A Chinese surveillance ship is now off the east coast of Australia and expected to move further south to monitor the U.S.–Australian-led multinational exercise Talisman Sabre 2023, an Australian senior military officer announced Friday. Chinese ships have sailed off the coast of Australia before, and the vessel’s movement is not considered concerning, Lt. Gen Greg […]
A Chinese surveillance ship is now off the east coast of Australia and expected to move further south to monitor the U.S.–Australian-led multinational exercise Talisman Sabre 2023, an Australian senior military officer announced Friday.
Chinese ships have sailed off the coast of Australia before, and the vessel’s movement is not considered concerning, Lt. Gen Greg Bilton, chief of Joint Operations, Australian Defence Force (ADF), said during the opening ceremony of Talisman Sabre.
“No, look, they’ve come before and look, I’ll tell you now, there’s one off the east coast of Australia at the moment,” Bilton said. “We reached out on Thursday and hailed that vessel in the Coral Sea. It’ll move down, I expect, and join the exercise – or be in the location of the exercise again. They’ve done this for a number of years, we’re well prepared for it.”
The Chinese response to the Australian call was courteous and in accordance with normal norms at sea, Bilton said, although he did not reveal the Chinese ship name or class. People’s Liberation Army surveillance ships have been monitoring Talisman Sabre exercises since 2017 with the ships staying well outside the 12NM territorial sea limit and the exercise boundaries while doing so.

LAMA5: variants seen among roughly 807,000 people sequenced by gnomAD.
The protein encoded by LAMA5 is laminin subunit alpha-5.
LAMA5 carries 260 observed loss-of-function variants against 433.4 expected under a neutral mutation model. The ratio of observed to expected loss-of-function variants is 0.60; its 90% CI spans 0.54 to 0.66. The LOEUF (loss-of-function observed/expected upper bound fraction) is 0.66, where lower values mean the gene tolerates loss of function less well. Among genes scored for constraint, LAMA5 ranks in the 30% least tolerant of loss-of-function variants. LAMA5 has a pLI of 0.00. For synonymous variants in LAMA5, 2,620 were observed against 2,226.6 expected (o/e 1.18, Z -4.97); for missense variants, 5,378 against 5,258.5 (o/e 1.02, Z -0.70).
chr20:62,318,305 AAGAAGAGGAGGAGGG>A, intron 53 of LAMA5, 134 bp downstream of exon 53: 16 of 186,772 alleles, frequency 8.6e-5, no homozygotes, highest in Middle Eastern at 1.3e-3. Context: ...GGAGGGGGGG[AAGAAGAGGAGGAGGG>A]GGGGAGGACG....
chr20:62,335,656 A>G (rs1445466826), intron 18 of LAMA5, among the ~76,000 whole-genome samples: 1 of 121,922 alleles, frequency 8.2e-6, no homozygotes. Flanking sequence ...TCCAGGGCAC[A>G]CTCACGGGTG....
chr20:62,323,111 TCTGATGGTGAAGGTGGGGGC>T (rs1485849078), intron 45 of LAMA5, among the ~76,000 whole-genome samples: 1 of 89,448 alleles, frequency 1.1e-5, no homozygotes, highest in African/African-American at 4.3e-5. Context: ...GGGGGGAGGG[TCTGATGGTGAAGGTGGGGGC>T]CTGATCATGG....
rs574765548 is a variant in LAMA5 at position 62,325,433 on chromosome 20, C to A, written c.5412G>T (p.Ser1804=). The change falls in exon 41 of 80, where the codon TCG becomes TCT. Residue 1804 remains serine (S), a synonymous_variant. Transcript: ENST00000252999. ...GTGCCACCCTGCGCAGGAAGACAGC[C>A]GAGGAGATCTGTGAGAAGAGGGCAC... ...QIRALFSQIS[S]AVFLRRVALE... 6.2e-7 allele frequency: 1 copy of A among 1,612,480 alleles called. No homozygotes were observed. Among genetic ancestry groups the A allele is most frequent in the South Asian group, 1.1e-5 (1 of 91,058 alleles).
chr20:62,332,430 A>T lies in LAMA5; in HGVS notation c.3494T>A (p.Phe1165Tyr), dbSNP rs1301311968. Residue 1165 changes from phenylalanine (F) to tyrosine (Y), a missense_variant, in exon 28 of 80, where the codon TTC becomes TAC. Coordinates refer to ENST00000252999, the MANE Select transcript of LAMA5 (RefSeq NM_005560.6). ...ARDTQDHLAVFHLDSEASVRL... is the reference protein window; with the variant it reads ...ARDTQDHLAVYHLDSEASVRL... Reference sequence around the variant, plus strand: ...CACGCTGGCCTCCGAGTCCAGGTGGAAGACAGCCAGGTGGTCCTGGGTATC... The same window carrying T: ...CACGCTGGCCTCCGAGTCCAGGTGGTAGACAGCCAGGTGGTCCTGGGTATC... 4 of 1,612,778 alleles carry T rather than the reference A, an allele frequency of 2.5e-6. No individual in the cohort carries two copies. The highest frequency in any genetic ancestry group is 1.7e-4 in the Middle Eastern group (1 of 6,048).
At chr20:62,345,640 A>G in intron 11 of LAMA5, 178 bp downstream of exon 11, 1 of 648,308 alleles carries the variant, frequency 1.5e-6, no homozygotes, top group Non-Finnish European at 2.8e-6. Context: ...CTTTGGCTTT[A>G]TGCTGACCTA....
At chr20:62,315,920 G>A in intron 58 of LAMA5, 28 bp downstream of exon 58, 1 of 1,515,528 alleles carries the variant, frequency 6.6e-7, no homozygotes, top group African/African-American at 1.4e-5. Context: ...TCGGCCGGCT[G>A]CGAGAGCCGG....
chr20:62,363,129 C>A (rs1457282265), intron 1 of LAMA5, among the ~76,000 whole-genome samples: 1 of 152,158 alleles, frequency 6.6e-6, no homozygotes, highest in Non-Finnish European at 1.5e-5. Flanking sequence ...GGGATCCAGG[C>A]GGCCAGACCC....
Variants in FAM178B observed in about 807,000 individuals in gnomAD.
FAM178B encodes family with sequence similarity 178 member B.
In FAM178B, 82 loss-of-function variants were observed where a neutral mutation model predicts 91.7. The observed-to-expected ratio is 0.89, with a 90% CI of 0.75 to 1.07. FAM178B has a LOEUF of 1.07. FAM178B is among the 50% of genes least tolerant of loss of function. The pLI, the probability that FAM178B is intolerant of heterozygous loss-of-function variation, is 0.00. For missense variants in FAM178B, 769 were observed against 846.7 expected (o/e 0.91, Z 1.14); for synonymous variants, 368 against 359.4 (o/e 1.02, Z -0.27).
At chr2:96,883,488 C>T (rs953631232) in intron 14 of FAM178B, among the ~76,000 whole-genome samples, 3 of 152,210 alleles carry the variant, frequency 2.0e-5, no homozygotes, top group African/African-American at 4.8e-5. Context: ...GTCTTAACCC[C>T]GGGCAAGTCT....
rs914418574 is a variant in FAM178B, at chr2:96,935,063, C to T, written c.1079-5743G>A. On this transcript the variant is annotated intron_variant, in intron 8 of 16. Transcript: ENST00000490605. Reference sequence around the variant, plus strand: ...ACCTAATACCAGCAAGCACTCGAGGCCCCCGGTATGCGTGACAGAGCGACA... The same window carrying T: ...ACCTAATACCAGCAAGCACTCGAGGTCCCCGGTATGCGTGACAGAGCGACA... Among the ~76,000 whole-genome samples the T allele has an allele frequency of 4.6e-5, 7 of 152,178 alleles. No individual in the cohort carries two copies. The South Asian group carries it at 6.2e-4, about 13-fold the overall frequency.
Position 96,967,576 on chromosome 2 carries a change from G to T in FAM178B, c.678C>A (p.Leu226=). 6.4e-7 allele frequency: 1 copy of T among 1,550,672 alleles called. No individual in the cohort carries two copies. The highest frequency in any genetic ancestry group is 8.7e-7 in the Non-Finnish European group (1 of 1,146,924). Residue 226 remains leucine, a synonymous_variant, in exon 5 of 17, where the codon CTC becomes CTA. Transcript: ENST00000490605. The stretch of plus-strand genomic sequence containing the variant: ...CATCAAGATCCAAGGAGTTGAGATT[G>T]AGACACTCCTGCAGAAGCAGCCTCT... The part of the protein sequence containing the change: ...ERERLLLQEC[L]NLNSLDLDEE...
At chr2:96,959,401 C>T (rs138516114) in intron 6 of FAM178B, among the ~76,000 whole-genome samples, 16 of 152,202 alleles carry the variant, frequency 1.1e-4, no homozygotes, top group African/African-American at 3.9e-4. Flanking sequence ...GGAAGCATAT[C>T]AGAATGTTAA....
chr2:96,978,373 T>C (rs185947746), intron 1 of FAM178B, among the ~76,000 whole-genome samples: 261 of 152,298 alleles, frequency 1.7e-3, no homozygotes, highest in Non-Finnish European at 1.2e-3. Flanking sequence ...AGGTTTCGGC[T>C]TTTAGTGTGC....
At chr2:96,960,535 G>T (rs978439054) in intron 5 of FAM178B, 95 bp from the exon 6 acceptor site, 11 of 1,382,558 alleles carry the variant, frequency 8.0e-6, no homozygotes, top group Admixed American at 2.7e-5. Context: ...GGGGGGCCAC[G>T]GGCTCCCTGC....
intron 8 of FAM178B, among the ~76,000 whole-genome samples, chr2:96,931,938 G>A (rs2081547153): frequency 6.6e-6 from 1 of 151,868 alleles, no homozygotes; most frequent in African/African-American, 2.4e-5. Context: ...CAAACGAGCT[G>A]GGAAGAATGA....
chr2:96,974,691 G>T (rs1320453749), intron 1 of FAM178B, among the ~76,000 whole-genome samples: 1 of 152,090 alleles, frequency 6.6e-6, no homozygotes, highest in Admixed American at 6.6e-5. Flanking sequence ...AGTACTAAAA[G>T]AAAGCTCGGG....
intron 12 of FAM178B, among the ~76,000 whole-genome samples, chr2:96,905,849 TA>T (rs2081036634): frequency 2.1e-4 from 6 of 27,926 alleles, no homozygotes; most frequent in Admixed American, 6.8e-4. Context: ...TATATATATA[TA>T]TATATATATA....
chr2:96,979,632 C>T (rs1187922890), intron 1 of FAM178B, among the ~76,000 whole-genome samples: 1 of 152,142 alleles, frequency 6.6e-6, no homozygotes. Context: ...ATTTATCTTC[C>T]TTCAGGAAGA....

Australian Deputy Prime Minister and Defence Minister Richard Marles and Secretary of the Navy Carlos Del Toro were also present at the ceremony. The exercise is not a message to China, rather it is about the mutual relationship between allies and partners working together, Del Toro said during a press conference.
The Royal Marines have landed in Townsville ahead of #TalismanSabre2023.
The contingent embarked on #HMASAdelaide and will take part in the largest iteration of #TS23 to date. More than 30,000 personnel will participate in this year's exercise. pic.twitter.com/yO1ckDL9MH
— Talisman Sabre (@TalismanSabre) July 21, 2023
“And what we’re trying to do in all of our exercises, whether it be UNITAS kicking off in South America or Talisman Sabre here in the Indo-Pacific, is to actually work far more closely building the types of capabilities – the advanced capabilities that we actually need to better be able to communicate together, to effectively show long-range fires when necessary and to use capabilities in space as well, too, to our full advantage, making each exercise that much more complicated and that much more integrated, right,” Del Toro said.